Monday, August 23, 2010



Finding My Way through "The Wayfinders"

 By John Taylor; 2010 Aug 23, Asma 03, 167 BE

 The Wayfinders: Why Ancient Wisdom Matters in the Modern World, by Wade Davis, Anansi, 2009

 Such is the pull of many competing media, and the energy it takes for me to keep a wife and two computer addicted kids away from screens at least a few hours each day, that my reading has diminished far more than it should. This spring I slowly worked through just one book, The Wayfinders, by Wade Davis. I was very impressed with it. How did I stumble across it? What happened was that I was writing some essays about wisdom and I thought of searching for the word "wisdom" in the titles of books in the local library. This was the only one available, and it was on the "New Books" shelf. I read the first few pages and was disappointed to find that I had already heard much of the book on the radio. But I plodded on regardless. Here is how one reviewer started off assessing this book,

 "It seems odd that we need to be reminded that there are many ways of knowing the world, and that all of them are valuable. I know a carpenter in Ontario who has built dozens of houses, and yet is illiterate; one of the most successful farmers in our area has never read a book except the Bible. These are everyday examples. Wade Davis, in the 2009 Massey Lectures, now published in book form as The Wayfinders, goes further afield and presents many more striking cases of so-called primitive cultures that made mind-boggling contributions to the sum total of human knowledge, before being overrun by the juggernaut of progress." <>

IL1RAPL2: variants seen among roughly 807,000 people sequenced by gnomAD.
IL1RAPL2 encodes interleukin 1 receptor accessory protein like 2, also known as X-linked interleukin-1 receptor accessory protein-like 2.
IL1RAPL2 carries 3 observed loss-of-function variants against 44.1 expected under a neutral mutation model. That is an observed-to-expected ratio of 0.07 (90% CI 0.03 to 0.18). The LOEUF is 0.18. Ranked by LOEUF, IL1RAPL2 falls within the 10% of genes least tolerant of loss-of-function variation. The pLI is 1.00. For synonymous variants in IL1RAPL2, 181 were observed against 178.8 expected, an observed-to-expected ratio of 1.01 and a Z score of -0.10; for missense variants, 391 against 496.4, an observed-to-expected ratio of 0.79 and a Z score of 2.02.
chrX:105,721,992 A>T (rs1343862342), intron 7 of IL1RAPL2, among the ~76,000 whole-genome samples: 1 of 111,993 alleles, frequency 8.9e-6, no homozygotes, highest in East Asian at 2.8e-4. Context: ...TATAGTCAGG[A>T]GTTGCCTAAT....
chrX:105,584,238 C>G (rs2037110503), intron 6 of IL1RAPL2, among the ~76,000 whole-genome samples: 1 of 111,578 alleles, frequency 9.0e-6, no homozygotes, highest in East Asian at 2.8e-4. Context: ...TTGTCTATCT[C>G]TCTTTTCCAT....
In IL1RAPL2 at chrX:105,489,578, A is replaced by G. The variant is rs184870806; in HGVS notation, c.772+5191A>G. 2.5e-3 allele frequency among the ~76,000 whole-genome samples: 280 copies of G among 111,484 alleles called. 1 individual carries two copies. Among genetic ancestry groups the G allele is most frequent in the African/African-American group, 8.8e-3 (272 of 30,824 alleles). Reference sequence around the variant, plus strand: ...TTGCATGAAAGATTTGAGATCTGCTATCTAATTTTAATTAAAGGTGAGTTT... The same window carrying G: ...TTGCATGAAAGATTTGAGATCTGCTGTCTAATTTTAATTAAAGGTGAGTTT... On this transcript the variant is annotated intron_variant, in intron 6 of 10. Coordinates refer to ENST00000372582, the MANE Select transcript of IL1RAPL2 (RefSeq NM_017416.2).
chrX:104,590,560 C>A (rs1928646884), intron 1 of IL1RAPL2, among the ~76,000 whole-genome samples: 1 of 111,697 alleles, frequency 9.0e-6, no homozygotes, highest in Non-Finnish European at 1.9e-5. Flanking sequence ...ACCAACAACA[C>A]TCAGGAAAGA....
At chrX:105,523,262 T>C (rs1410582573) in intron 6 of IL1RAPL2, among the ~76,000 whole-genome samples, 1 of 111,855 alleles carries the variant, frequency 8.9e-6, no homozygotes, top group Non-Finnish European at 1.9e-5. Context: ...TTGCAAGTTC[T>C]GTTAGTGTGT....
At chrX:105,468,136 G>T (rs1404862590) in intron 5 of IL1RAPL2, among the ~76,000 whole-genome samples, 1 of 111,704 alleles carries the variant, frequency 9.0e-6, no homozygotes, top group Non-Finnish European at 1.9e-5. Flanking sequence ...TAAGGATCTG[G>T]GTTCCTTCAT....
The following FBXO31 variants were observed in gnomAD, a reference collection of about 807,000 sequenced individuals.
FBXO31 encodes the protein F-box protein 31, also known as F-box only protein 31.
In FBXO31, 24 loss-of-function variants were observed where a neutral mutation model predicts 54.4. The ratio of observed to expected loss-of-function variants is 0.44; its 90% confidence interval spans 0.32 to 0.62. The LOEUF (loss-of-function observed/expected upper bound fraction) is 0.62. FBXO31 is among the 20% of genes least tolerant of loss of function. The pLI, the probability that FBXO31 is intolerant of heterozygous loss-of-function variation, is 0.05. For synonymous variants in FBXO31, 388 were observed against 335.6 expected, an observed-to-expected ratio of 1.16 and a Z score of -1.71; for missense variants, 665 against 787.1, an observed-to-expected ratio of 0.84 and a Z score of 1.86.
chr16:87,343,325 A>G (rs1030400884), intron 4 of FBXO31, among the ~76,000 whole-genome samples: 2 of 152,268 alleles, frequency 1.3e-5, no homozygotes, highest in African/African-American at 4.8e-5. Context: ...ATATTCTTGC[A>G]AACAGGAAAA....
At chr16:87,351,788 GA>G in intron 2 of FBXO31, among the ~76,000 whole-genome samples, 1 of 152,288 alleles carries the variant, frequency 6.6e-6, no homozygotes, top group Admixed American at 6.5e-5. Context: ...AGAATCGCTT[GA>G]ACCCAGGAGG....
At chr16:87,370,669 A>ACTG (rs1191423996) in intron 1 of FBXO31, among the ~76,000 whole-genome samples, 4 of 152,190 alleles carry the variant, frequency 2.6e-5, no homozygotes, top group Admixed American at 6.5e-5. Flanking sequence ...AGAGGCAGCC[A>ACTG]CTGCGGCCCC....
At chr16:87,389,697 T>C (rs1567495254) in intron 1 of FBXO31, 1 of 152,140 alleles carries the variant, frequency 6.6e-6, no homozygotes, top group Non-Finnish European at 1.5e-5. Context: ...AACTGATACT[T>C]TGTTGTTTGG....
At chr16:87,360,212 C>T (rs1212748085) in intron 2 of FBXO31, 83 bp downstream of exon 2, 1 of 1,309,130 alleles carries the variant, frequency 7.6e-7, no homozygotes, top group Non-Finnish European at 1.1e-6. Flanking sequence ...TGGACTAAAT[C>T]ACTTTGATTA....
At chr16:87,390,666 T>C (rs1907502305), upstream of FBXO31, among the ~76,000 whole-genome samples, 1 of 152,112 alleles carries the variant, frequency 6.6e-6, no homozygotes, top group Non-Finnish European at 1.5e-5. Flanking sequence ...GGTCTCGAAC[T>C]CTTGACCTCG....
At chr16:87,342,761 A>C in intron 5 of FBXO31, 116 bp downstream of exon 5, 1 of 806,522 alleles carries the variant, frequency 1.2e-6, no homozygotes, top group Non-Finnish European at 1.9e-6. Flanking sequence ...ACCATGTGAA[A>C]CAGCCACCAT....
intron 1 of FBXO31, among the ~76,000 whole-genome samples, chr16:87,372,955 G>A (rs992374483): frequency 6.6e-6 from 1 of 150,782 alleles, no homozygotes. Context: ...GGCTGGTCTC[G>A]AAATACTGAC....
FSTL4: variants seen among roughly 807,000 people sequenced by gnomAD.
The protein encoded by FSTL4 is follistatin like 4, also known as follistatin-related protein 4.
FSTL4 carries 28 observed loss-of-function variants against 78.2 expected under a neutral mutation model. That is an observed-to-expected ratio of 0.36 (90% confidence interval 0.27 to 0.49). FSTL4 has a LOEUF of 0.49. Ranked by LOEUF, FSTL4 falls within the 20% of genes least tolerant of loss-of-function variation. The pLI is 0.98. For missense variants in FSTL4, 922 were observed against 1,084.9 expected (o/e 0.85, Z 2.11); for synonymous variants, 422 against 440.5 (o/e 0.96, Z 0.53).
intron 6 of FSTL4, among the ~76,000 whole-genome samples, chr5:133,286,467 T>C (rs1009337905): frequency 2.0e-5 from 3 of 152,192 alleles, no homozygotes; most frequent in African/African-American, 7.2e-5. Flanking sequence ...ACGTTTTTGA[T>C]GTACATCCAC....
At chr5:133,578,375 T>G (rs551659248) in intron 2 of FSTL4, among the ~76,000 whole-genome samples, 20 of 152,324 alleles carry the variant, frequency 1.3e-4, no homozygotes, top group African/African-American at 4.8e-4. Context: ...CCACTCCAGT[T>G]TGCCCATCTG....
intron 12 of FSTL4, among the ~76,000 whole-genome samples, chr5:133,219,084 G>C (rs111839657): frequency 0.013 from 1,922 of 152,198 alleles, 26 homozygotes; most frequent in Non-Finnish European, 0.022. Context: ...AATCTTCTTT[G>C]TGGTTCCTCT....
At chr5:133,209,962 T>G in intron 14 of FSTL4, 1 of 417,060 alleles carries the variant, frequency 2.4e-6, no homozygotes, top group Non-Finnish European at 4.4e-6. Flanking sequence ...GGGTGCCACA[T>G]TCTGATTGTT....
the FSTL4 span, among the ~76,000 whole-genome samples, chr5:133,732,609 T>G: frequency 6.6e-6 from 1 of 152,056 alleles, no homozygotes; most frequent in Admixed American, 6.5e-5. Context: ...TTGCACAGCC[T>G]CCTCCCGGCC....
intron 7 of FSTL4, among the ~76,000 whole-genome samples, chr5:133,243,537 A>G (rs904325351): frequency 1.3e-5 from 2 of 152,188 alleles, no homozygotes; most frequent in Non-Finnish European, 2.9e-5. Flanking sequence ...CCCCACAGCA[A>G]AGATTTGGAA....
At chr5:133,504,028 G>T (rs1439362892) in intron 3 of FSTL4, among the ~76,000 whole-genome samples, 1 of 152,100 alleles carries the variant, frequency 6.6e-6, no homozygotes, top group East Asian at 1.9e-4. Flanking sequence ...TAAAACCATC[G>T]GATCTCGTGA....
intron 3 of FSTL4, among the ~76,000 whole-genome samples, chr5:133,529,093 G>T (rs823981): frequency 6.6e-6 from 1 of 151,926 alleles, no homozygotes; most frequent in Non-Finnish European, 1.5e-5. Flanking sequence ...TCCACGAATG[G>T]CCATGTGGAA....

Davis describes how these far flung islanders in the Pacific figured out how to navigate the hugest ocean on the planet, using only the knowledge and dead reckoning of one "wayfinder," sitting silent at the rear of an outrigger. He describes the strange world view of a tribe in the Amazon whose shamans tell them, "Do not fish or hunt here because the gods say we should not." Unlike the West, for which nothing is sacred, these untouchable areas allow the local ecology to recover from the impact of their hunting and fishing in other places.

 He tells of the Aboriginals of Australia, the hunter gatherers of South Africa, each of which has a unique and amazingly ancient heritage -- the South African tribe is more diverse, genetically and linguistically, than anywhere else. The Australian Aboriginals have been in the same place for some sixty thousand years, by far the oldest continuous language and culture in the world, all the more tragic because they were hunted to the brink of extinction by white English speaking newcomers in the 19th Century. The above reviewer adds,

 "The aboriginal peoples of Australia, once a million strong, now reduced to about half that, spoke 270 languages. They are the closest descendants of the first human beings to leave Africa and so represent one of the great experiments in human thought. But they were hunted like animals by white settlers. Today, we are losing those languages at the rate of one per year; only 18 are now spoken by more than 500 people."

 The story of this loss of languages reminded me why I am an Esperantist. We think of English as the international language and universal culture, and forget that we are speaking the language of imperialism, the language of genocide.